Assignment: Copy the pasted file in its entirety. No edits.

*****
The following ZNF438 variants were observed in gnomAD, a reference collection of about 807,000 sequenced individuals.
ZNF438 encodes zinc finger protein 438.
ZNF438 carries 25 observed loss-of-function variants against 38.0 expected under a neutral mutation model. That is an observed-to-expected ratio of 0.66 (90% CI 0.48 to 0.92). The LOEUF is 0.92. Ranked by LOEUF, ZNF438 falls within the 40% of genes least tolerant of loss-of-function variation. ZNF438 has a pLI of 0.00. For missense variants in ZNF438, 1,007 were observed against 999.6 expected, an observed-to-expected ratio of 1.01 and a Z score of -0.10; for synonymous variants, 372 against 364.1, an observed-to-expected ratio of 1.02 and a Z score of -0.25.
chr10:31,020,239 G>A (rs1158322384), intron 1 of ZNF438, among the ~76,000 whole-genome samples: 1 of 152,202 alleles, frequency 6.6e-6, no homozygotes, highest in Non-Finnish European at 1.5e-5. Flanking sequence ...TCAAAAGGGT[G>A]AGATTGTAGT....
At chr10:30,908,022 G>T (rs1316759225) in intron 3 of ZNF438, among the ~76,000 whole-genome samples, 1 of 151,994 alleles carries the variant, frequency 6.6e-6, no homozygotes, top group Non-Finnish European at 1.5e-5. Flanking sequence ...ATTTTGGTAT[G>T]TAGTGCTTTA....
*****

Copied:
The following ZNF438 variants were observed in gnomAD, a reference collection of about 807,000 sequenced individuals.
ZNF438 encodes zinc finger protein 438.
ZNF438 carries 25 observed loss-of-function variants against 38.0 expected under a neutral mutation model. That is an observed-to-expected ratio of 0.66 (90% CI 0.48 to 0.92). The LOEUF is 0.92. Ranked by LOEUF, ZNF438 falls within the 40% of genes least tolerant of loss-of-function variation. ZNF438 has a pLI of 0.00. For missense variants in ZNF438, 1,007 were observed against 999.6 expected, an observed-to-expected ratio of 1.01 and a Z score of -0.10; for synonymous variants, 372 against 364.1, an observed-to-expected ratio of 1.02 and a Z score of -0.25.
chr10:31,020,239 G>A (rs1158322384), intron 1 of ZNF438, among the ~76,000 whole-genome samples: 1 of 152,202 alleles, frequency 6.6e-6, no homozygotes, highest in Non-Finnish European at 1.5e-5. Flanking sequence ...TCAAAAGGGT[G>A]AGATTGTAGT....
At chr10:30,908,022 G>T (rs1316759225) in intron 3 of ZNF438, among the ~76,000 whole-genome samples, 1 of 151,994 alleles carries the variant, frequency 6.6e-6, no homozygotes, top group Non-Finnish European at 1.5e-5. Flanking sequence ...ATTTTGGTAT[G>T]TAGTGCTTTA....